Mumbai seeks to alter land Act, free up space as rents, rates soar

Mumbai seeks to alter land Act, free up space as rents, rates soar
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First Published: Tue, Jun 05 2007. 12 27 AM IST
Updated: Tue, Jun 05 2007. 12 27 AM IST
India’s commercial capital is seeking to curb soaring rents and prices for offices and homes by easing a 30-year-old law that limits the amount of land available for development in the city of more than 17 million people.
Lawmakers in Maharashtra may next month vote on changes that could add as much as 500 hectares (1,234 acres) of space to the city’s property market, Vilasrao Deshmukh, the state’s chief minister, said in Mumbai on 2 June.
Mumbai, the state capital, is pushing a $12 billion (Rs48,624 crore) plan to upgrade infrastructure stretched by its transformation from a textiles and port city into a financial hub that’s attracting global banks such as Citigroup Inc. and Goldman Sachs Group Inc. Office rents in Mumbai’s financial district of Nariman Point last year rose at least three times as fast as in New York and Hong Kong.
“Prices have to decline when more land stock is released and developed,” said Lalit Jain, chairman of Kumar Builders, a developer of low-cost houses in cities including Mumbai and Pune. “Prices of land rose over the years as a shortage was created. Builders earned a lot of money as a result.”
Deshmukh expects the state legislature to start considering in July changes to the Urban Land Ceiling Act of 1976, which limited an individual to developing no more than 500 sq.m. The state government is determined to change the law in the next assembly session, he said.
Known as Bombay until a decade ago, Mumbai is home to India’s biggest companies and the main trading centre for stocks, gold, diamonds and oil. India’s $854 billion economy has grown by an average of 8.6% a year over the past four years. The expansion of houses and offices hasn’t kept pace with Mumbai’s burgeoning economy and about half its population live in slums, Deshmukh said.
The development programme includes Rs10,000 crore over seven years to develop Mumbai’s Dharavi region, Asia’s biggest slum, replacing unregulated huts with houses connected to water and electricity.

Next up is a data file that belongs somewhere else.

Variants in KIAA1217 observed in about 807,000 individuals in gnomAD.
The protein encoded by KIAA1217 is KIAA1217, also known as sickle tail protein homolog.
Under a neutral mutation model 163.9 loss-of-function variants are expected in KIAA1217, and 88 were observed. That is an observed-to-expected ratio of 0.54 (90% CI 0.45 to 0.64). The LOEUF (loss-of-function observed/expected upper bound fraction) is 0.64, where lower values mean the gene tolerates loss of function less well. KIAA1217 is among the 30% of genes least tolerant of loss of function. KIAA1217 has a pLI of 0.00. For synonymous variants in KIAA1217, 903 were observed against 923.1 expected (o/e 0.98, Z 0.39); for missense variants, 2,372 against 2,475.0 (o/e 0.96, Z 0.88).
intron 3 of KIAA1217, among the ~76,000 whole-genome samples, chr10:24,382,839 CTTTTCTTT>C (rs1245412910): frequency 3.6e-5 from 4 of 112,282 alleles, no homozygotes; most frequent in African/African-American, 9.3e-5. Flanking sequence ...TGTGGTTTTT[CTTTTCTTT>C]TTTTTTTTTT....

New York rents rose 12% in the first nine months of last year to reach $37.50 per sq.ft. in September, according to Cushman & Wakefield. Office rents in Nariman Point rose about 40% in the same period and extended those gains through March this year to a monthly average of Rs350 per sq.ft. as of March, the highest in more than 11 years.
Hong Kong office landlords raised monthly rents by an average of about 18% in the first nine months of last year, according to a Jones Lang LaSalle LLC report. Grade “A” Hong Kong office rents averaged Hong Kong $80 ($10.24) per sq.ft. in the first quarter of this year, according to DTZ Holdings Plc.
“Changes in the Urban Land Ceiling Act will be a positive development,” said Rajiv Sabharwal, head of housing loans at ICICI Bank Ltd, the biggest provider of consumer loans. “Its removal will help bring in more land to the city.”
The development programme, which calls for the involvement of private companies, also includes $5 billion for a new elevated rail network to ease congestion on the city’s trains, which transport half of Mumbai’s estimated 11 million daily commuters. Mumbai and its suburbs may house as many as 22 million people by 2015, making it the world’s third-most-populous city after Tokyo and Dhaka, according to a United Nations report.
The Anil Dhirubhai Ambani Group will build the initial 11 km by 2010 for Rs2,400 crore. The network, when complete, will cover 146km.
(Kelvin Wong in Hong Kong contributed to this story.)
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First Published: Tue, Jun 05 2007. 12 27 AM IST